Sean: What was it like working with genre staples like Controlled Bleeding and Vomir?

Alex: An absolute pleasure! Vomir was probably the second artist I ever reached out to. It took a few messages to get ahold of him at first, but I think we were both pretty happy with the Vomir – Coma release so we have worked together on various compilations, collaborations, quarantine edition “QUARANTINE A-OK” release, and I helped him with some t-shirts for his American tour back in March. The next release with him is another compilation – “Death Unmasked” coming this [Halloween] on VHS, USB, and cassette with barf bags.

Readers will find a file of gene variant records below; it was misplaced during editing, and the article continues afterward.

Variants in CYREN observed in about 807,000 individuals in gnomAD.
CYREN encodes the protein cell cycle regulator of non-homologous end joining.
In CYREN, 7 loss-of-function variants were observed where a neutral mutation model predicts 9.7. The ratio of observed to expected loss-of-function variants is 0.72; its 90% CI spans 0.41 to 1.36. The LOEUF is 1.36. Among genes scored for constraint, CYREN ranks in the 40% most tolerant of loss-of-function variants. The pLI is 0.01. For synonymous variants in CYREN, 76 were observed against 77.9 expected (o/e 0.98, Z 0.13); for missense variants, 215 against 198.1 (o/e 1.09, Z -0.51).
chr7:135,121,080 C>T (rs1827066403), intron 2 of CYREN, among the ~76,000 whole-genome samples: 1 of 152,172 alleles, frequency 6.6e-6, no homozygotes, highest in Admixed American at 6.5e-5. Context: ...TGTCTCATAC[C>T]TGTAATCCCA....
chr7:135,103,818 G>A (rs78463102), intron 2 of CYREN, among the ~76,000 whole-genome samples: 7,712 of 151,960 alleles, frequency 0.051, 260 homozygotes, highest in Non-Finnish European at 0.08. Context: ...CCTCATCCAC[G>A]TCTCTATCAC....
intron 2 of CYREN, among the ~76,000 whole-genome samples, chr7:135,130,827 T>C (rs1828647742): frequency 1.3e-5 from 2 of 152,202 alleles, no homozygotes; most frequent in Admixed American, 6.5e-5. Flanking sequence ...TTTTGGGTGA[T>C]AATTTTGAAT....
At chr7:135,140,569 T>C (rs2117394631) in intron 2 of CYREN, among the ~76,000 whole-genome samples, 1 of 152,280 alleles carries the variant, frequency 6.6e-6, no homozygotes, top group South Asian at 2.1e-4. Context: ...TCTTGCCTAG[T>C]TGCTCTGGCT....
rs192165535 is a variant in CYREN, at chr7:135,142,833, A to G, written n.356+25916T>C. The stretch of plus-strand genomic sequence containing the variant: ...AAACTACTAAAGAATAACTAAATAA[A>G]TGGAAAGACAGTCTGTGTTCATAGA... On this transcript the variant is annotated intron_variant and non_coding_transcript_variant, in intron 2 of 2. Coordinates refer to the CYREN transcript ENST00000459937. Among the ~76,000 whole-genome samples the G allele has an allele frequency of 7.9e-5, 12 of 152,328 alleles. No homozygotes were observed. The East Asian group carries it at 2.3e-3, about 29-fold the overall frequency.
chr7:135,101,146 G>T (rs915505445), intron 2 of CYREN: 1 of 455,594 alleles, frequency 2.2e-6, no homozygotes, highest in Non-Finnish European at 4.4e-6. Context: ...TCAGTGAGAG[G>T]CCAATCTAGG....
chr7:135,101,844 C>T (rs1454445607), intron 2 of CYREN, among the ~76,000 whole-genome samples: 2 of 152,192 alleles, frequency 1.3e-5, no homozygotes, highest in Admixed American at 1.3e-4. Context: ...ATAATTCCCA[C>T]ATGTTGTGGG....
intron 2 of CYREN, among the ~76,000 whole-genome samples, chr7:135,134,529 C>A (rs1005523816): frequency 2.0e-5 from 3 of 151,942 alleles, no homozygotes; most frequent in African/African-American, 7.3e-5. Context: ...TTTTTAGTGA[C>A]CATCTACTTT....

Paul from Controlled Bleeding was also great to work with. It was his suggestion to reissue Distress Signals, and we are planning on doing a few more cassette reissues when this one sells out.

Sean: Have you ever been shocked by anything you’ve been sent/found/put out on the label?

Alex: Oh yeah. I’m not easily shocked, but I’ve had some submissions that would definitely put you on a list if you googled the project name or tape title – I guess that’s where I draw the line.

As far as stuff that’s been released by me, I’ve done 2 special editions tapes that came with human skulls, one that came with partial human skulls, and one that was just smashed up bits of skull inside an empty tape shell. I’ve done tapes with real giant black scorpions, antique last will and testaments, gimp masks, anal lube, human finger bones & teeth in grave dirt, baby jesus with a tampon string around his neck, etc.